Thank you for a lovely post a good read I would like to ask you a question before we move on in your post you said it was important to remember  Christ was fully human if so could he have sinned when tempted.
we Know of course he was  without sin and he did not sin but being human was it possible for him to fall to temptation.

I was thinking of this verse.

Mat_19:17  And he said unto him, Why callest thou me good? there is none good but one, that is, God: but if thou wilt enter into life, keep the commandments.
   


Love and Peace
Dave
     

Offline Deborah

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Re: Letter to the Hebrews
« Reply #31 on: January 31, 2018, 07:44:09 PM »
hi Deborah
Thank you for a lovely post a good read I would like to ask you a question before we move on in your post you said it was important to remember  Christ was fully human if so could he have sinned when tempted.
we Know of course he was  without sin and he did not sin but being human was it possible for him to fall to temptation.

I was thinking of this verse.

Mat_19:17  And he said unto him, Why callest thou me good? there is none good but one, that is, God: but if thou wilt enter into life, keep the commandments.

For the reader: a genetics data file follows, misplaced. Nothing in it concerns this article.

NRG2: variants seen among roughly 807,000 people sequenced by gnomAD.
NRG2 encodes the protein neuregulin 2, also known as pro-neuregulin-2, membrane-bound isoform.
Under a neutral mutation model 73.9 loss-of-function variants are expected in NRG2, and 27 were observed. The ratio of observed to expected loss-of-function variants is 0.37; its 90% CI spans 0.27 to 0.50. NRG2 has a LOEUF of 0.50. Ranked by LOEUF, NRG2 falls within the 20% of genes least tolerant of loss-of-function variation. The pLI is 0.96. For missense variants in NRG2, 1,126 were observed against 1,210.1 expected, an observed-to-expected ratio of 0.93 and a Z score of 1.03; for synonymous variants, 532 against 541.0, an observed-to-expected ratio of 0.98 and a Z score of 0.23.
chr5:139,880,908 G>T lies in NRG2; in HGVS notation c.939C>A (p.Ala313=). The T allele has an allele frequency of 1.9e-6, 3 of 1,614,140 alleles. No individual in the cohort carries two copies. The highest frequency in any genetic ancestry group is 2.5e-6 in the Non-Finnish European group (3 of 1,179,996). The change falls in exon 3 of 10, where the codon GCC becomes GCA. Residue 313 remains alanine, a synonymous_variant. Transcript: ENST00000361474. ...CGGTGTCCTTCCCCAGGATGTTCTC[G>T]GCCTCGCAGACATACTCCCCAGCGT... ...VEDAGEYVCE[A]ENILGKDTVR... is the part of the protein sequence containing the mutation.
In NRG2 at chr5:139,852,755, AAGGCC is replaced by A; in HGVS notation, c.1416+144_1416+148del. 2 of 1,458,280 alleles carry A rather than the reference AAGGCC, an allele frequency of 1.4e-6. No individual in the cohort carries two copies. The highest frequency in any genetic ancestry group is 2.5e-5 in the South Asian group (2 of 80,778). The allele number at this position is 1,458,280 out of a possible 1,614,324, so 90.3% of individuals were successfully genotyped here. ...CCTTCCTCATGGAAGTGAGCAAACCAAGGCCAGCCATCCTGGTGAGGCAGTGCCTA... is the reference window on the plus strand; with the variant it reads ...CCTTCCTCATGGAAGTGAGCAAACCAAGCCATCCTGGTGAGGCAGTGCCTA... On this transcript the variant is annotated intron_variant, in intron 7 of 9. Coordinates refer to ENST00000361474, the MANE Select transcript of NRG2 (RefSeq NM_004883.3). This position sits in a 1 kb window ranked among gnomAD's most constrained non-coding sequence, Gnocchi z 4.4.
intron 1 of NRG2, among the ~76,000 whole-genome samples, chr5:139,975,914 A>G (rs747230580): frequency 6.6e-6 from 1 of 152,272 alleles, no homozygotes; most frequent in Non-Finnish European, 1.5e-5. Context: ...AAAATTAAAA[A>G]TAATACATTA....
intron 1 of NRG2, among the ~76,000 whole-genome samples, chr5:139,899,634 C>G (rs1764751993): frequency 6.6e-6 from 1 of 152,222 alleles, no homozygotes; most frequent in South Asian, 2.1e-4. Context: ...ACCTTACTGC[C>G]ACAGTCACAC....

Love and Peace
Dave
   

Hi Dave
This is actually quite a thorny question, and even the experts disagree. Personally I think that Jesus could have sinned - otherwise why did the devil bother to tempt Him? If it wasn't actually possible for Him to sin, then His temptations were meaningless. But fortunately for us, He didn't sin!

We know that God cannot be tempted. "God cannot be tempted by evil, nor does He tempt anyone." (James 1:13) The Son of God could only be vulnerable to temptation by becoming human. In the same way, God is immortal and cannot die - so the Son had to become human in order to be able to die.
"Love the Lord your God with all your heart and with all your soul and with all your mind and with all your strength." (Mark 12:30)